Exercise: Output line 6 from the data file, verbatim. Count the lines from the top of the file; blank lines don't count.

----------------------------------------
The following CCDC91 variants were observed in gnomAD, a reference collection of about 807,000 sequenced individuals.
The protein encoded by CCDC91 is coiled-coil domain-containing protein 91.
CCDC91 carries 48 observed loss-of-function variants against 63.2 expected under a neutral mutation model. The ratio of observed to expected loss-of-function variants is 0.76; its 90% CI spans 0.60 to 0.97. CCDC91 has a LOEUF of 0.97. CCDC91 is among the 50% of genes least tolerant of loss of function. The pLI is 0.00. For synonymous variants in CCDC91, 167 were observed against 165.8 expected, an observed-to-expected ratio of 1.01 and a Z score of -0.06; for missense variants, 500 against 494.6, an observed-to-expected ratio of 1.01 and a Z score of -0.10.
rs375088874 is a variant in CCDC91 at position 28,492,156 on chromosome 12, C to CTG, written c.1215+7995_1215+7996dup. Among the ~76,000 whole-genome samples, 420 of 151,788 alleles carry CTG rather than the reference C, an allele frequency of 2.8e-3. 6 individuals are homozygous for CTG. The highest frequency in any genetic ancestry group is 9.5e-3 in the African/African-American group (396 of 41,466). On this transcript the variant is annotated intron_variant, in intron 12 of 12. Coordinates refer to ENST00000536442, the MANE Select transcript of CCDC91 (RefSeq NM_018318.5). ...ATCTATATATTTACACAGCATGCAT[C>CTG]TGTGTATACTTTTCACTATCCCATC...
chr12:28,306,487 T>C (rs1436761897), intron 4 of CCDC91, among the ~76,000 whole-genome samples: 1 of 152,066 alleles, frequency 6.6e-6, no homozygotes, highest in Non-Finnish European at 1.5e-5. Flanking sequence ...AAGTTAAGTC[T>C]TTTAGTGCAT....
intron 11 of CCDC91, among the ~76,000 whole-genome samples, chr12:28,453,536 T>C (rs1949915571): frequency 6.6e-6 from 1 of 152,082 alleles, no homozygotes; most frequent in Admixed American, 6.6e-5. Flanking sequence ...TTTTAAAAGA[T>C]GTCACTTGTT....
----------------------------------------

intron 11 of CCDC91, among the ~76,000 whole-genome samples, chr12:28,453,536 T>C (rs1949915571): frequency 6.6e-6 from 1 of 152,082 alleles, no homozygotes; most frequent in Admixed American, 6.6e-5. Flanking sequence ...TTTTAAAAGA[T>C]GTCACTTGTT....